In the MC Tutor Part One I briefly mentioned several places where you can store machine code. I will discuss them in more detail here.
The places I'll consider are storing code
These methods fall into two categories: Temporary (A and B) and permanent (C, D, and E). Temporary storage means that the code is part of an OPL procedure, and that as soon as the procedure is finished the machine code will also be removed. Permanent storage means that once the code is installed it will stay there forever, or at least until your next battery change. With programs that run continuously in the background (like for example my KEYS program) one of the permanent options is clearly called for, while with most small programs the temporary kind is best.
This is the method I adopted in the MC Tutor pages, and it is fully explained there. It is relatively easy to install code in a variable. The only real disadvantage is that this can't really be used for large programs, because its installation takes a little long and because the procedure becomes too large.
This method has a few good advantages. The code is instantly available, because the code is automatically loaded into memory with the procedure itself. However, the difficulties are considerable. It is very hard to implement, especially on the organiser itself, because the object code of a procedure must be altered. Another disadvantage is that the code must be totally relocatable, so no absolute addressing can be used within the program. I will not go into full detail here, as it is too complex to explain completely.
Of the three permanent storage methods, this method is probably used most often. I will therefore try to explain in detail how it works. To put it simply, you move down the language stack so that an area of memory is freed up just above it. This area can then be used to store your code.
Suppose you need 100 bytes for your code. Now follow the following steps:
As you can see, this method is not too difficult. It is used by Bill Aitken in his book, however he neglected to mention the importance of step 2. If you do not exit OPL before filling the area, then you will overwrite the language stack, and most likely cause the Psion to crash.
As you can see, the method outlined above necessarily uses two separate procedures, one for step 1 and one for step 3. It would be neater to combine the whole installation into one procedure, and this is only possible if we can avoid the Psion crashing when we overwrite the language stack. This is indeed possible but very tricky, and some knowledge of the language stack is necessary. Using the three step method is quite sufficient, but for those who are interested I'll outline the intricacies of a single installation procedure below.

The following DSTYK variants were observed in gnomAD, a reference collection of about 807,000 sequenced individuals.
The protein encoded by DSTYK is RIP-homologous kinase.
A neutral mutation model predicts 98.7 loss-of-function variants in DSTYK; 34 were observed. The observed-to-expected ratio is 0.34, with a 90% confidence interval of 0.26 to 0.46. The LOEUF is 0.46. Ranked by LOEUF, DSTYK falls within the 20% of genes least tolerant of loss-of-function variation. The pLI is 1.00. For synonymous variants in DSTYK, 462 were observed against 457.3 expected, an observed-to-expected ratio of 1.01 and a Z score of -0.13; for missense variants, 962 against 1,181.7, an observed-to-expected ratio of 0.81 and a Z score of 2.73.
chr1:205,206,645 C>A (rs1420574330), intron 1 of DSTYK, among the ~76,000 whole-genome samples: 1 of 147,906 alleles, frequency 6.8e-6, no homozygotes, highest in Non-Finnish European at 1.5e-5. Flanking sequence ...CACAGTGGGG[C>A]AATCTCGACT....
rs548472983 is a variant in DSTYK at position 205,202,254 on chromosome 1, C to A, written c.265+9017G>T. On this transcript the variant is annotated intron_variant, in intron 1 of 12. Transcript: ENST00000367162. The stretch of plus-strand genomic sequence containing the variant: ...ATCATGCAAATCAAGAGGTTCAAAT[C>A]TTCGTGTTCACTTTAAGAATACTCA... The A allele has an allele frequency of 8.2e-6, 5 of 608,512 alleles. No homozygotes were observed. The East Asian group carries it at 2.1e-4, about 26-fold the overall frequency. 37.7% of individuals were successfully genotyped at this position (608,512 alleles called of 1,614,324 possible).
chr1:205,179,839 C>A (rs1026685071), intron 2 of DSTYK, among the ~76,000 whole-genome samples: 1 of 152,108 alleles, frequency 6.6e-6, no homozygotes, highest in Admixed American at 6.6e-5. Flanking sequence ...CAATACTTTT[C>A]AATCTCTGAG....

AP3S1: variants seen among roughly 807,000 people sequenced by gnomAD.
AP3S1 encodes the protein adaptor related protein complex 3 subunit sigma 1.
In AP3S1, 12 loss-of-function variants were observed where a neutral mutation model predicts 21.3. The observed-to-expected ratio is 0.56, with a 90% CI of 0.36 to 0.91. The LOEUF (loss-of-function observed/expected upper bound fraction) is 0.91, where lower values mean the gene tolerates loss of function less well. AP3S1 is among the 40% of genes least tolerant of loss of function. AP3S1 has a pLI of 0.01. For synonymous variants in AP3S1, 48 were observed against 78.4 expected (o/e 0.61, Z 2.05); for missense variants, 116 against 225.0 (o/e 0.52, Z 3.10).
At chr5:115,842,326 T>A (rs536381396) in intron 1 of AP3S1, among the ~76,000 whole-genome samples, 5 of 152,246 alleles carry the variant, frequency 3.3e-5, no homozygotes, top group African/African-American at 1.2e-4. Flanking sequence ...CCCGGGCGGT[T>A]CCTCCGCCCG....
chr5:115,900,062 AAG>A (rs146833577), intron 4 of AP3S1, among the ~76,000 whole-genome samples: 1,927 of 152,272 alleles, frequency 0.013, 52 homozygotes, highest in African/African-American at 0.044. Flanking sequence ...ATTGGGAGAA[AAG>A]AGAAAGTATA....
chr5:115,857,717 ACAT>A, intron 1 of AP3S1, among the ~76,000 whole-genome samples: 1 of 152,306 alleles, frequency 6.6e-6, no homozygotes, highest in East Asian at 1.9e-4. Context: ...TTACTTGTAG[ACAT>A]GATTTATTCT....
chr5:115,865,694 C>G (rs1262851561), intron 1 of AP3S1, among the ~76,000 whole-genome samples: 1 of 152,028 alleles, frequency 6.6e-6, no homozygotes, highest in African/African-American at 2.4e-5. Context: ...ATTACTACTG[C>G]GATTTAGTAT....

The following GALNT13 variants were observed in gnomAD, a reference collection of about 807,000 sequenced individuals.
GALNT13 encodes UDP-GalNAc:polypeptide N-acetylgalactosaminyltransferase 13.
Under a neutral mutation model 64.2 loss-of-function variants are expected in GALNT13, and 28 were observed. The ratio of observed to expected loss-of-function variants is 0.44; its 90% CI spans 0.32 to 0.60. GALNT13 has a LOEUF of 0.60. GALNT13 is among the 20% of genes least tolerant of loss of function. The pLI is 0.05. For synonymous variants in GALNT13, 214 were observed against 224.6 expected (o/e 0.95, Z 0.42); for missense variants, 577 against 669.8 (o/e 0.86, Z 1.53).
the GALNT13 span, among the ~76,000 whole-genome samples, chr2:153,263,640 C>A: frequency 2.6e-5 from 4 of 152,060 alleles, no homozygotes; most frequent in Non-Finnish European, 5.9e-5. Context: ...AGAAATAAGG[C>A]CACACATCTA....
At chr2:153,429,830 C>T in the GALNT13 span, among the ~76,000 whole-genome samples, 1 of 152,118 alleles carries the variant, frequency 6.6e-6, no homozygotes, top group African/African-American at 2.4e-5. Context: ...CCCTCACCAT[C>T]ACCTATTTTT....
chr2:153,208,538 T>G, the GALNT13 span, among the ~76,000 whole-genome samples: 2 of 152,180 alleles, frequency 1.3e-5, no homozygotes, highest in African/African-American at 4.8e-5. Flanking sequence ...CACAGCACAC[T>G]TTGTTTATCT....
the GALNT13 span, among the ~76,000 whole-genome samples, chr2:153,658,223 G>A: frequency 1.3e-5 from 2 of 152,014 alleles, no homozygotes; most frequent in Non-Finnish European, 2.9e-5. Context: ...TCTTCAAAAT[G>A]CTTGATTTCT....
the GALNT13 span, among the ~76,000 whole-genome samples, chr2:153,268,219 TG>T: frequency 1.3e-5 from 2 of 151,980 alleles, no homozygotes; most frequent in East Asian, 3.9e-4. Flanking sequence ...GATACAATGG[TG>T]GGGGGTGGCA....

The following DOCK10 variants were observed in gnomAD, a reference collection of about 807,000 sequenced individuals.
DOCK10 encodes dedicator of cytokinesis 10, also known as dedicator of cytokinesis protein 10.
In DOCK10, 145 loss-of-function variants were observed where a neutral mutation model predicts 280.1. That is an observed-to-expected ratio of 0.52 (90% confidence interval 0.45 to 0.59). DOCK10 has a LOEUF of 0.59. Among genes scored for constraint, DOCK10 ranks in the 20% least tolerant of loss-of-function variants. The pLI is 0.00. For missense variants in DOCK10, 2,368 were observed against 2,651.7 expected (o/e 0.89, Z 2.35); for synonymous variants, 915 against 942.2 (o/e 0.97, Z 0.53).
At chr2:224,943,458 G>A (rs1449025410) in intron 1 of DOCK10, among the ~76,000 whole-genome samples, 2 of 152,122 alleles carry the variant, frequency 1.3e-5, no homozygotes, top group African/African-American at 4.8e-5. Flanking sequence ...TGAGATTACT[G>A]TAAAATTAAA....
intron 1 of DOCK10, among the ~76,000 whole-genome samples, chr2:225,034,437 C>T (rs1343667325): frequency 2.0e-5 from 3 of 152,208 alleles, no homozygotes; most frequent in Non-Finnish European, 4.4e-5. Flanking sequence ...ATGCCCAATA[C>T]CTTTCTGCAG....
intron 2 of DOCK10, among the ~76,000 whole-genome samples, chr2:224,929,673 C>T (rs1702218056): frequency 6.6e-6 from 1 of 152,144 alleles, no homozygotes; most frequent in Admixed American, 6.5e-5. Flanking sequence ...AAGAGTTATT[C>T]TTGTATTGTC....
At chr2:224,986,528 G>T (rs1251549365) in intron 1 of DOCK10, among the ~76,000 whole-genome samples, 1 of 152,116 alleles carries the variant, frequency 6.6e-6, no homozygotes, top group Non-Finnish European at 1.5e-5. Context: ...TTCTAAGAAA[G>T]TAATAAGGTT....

When a procedure is run, the organiser places the return address on the language stack. This is followed by space reserved for all the variables that the procedure uses, and then the object code of the procedure is loaded on the stack as well.
Generally the installation procedure will use a long string containing the machine code in hex or some other form. This means that if you want to do the installation in one procedure, poking the machine code in place will overwrite the return address, and some of the variable space. It will not usually reach the object code of the program.
Space for the variables is reserved on the stack in the same order as they are declared in the local/global commands. By declaring the string containing the code first, you ensure that this string is the only variable affected. You will also have to poke the code starting from the end of the string, otherwise part the strings contents are disturbed before it has been copied. Finally, you must end the installation procedure with the STOP command, so that the Psion doesn't try to find its original return address from the altered stack area.
This method is relatively easy, but unfortunately it only works on the LA and LZ. The CM and standard XP models don't have the low RAM area ($400-$1FFF). This area is used by devices like the comms link to store their programs.
To grab some of this memory, you must first unboot the devices to clear them from memory. Then you can increase the two system variables at $2329 and $232B by the required amount. Afterwards you might as well reboot the devices again. The following OPL sequence illustrates how all this is done.
LOCAL A%(2),L% L%=100 :rem L% is the number of bytes to reserve. A%(1)=$3F18 :REM SWI 18 unboot devices A%(2)=$3900 :REM RTS USR(ADDR(A%()),0) POKEW $2329,$400+L% POKEW $232B,$400+L% A%(1)=$3F17 :REM SWI 17 boot devices USR(ADDR(A%()),0)
The area from $400 to $400+L%-1 is now free to use immediately.
This method is somewhat similar to the last one, in that it grabs some memory that is usually used for the devices. It works on all organiser II models. As before, the devices are first unbooted. Then the permanent allocator cell is grown by the number of bytes you need. All the other allocator cells are automatically moved up to accommodate this. Then the base of the permanent allocator cell is increased, so that the reserved space no longer is a part of it. Now the devices are booted again.
The following OPL sequence will do all this for you.
LOCAL A%(8),L% L%=100 :rem L% is the number of bytes to reserve. A%(1)=$3F18 :REM SWI 18 unboot devices A%(2)=$CE20 :REM LDX %2000 A%(3)=$004F :REM CLRA A%(4)=$5FDD :REM CLRB A%(5)=$41CC :REM STD 41 A%(6)=L% :REM LDD %length A%(7)=$3F02 :REM SWI 02 grow cell A%(8)=$3900 :REM RTS USR(ADDR(A%()),0) POKEW $2000,PEEKW($2000)+L% A%(1)=$3F17 :REM SWI 17 boot devices A%(2)=$3900 :REM RTS USR(ADDR(A%()),0)
The area from PEEKW($2000)-L% to PEEKW($2000)-1 is now free to use immediately.